The first 7 days of my baby girl’s life

One day, very soon, I will not be able to remember this mind-blowing week. The whole week already is a blur of breastfeeding and being tired. So I wanted to capture it before it was completely gone.

Day 1:


After a sleep in recovery, with my brand new baby sleeping on my chest, and our hero sleeping in a chair beside me, we were taken to the ward. I was disappointed that I wasn’t able to go straight to the birthing centre like I’d wanted, but thankful that the spinal block meant I couldn’t feel the stitches for several more hours. Our mums joined us on the ward, and I talked incessantly about how incredible it had been to give birth. As the feeling came back in my legs, I become more aware of how sore and tired I was, but the euphoria of having just brought a baby girl into the world made it far more bearable. My pulse rate had been high, and remained high, so the hospital kept me in for even longer. Finally, I was able to get up for a shower. Thankfully, the ward midwife suggested Angus come with me. I couldn’t even stand up in the shower, my body was just so tired. I slumped over the shower rail as Angus held the water over my tailbone, which had just started to really hurt, and then washed me. Then he got onto the bed beside me, and the three of us slept. Someone had put a nappy on Baby, which was a very good thing, because she did her first little poo. I had several tests done, and any midwives, nurses and doctors come to talk to me, and I don’t remember any of it, because I was drifting in and out of sleep. Eventually, a doctor came to talk to us about staying because my pulse was still high, but wasn’t very convincing about why we should stay and basically just said they were covering their butts, so we decided to leave. The birthing centre we wanted to go to was full, but they were able to put us in the observation suite, with one other couple. The first night was pretty hard, she was very, very hungry and we didn’t really know what we were doing. Thankfully, the maternity aides were happy to come and help us as often as we needed. She wouldn’t settle in the cot, so at about 3am, we finally got some sleep with her cradled in my arms.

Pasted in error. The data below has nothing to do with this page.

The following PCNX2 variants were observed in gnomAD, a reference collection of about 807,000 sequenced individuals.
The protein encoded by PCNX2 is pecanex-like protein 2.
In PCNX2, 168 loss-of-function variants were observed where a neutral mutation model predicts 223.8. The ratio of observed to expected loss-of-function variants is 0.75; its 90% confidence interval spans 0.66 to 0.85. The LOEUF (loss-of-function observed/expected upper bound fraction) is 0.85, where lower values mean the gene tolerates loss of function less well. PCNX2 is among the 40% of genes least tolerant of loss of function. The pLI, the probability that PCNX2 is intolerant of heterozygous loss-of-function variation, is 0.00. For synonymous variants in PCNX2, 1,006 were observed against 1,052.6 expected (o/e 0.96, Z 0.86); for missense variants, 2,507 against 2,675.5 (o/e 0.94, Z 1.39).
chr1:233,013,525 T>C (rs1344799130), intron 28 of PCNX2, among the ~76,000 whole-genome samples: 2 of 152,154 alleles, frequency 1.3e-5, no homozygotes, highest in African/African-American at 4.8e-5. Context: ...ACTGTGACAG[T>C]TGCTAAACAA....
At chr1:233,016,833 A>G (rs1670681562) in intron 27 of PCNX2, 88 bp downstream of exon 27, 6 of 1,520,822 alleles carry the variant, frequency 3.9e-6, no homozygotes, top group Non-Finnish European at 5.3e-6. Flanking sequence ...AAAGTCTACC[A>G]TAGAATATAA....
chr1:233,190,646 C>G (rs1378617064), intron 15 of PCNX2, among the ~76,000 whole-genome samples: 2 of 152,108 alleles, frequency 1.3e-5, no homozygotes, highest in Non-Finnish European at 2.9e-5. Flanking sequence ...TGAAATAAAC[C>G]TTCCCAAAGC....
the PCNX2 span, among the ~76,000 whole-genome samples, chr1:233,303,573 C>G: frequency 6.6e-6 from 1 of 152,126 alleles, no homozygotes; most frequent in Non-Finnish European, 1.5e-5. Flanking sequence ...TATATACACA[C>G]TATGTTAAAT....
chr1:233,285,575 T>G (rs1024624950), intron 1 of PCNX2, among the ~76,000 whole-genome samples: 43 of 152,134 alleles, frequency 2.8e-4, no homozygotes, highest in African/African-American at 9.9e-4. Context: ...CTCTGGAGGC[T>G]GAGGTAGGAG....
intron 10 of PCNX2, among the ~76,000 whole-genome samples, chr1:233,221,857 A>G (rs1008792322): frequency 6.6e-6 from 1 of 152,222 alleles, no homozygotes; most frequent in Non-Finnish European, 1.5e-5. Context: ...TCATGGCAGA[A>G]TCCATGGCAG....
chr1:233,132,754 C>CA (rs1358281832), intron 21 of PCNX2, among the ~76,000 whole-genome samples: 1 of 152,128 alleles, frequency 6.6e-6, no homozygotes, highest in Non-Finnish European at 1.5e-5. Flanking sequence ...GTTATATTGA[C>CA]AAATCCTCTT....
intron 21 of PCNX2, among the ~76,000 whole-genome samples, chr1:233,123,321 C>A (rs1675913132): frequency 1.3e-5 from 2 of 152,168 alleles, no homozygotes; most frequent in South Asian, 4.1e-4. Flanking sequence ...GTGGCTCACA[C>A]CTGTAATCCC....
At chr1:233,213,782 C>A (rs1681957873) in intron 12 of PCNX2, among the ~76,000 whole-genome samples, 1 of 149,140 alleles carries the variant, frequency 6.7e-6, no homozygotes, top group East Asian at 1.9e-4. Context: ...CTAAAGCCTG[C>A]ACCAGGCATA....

Day 2:


The birthing centre got even more busy, so we decided to go home. Angus’s mum is a lactation consultant and was happy to stay for a few more days, so we essentially had our own private maternity aide, and we knew we’d be more comfortable at home. Getting her in and out of the car was interesting. We had Angus’s two door truck, so he had to practically lift me into the back seat, and then pass the baby (in her car seat) through the window to me, and I buckled her up. Angus’s younger siblings had all come down to meet the new baby, so they were there when we got home, and were smitten. Angus’s sister had cooked dinner, which we all ate together, and then Angus, Baby and I went to bed. She woke every hour or so for a feed, and we had to wake Angus’s mum up a couple of times for help. At about 3am, she settled in our bed and then didn’t wake up until 7am.

Day 3:

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Angus’s siblings were gone by the time we woke up. We got up at about 8am, and I came out and sat in my chair and fed her while Angus and our mums ran around after me. My mum went into town to buy her some clothes, because she was too tiny to fit any of the clothes we had for her.  She also brought us back some lunch, and then had to go home, which was sad. We got a visit from the midwife who works on my midwife’s off days, and she did the heel prick test. I was feeding Baby while she did it, and she only cried for a second, but I thought my heart was going to fall out of my mouth. I don’t really remember a whole lot else about this day, except that I was feeling quite overwhelmed at her neediness and total reliance on me. I realised that she not only was utterly dependent on me for survival, but also that she trusted me completely.That night, Angus and I argued twice about latching her on for breastfeeding, and I ended up in tears both times. The first time, he went and got his mum, who brought me food and sat with me while I fed the baby, while Angus cooled off out in the lounge. The second time, Angus managed to catch himself in time, went and got me something to eat, and then sat with me. He’s just as tired as I am.

Day 4: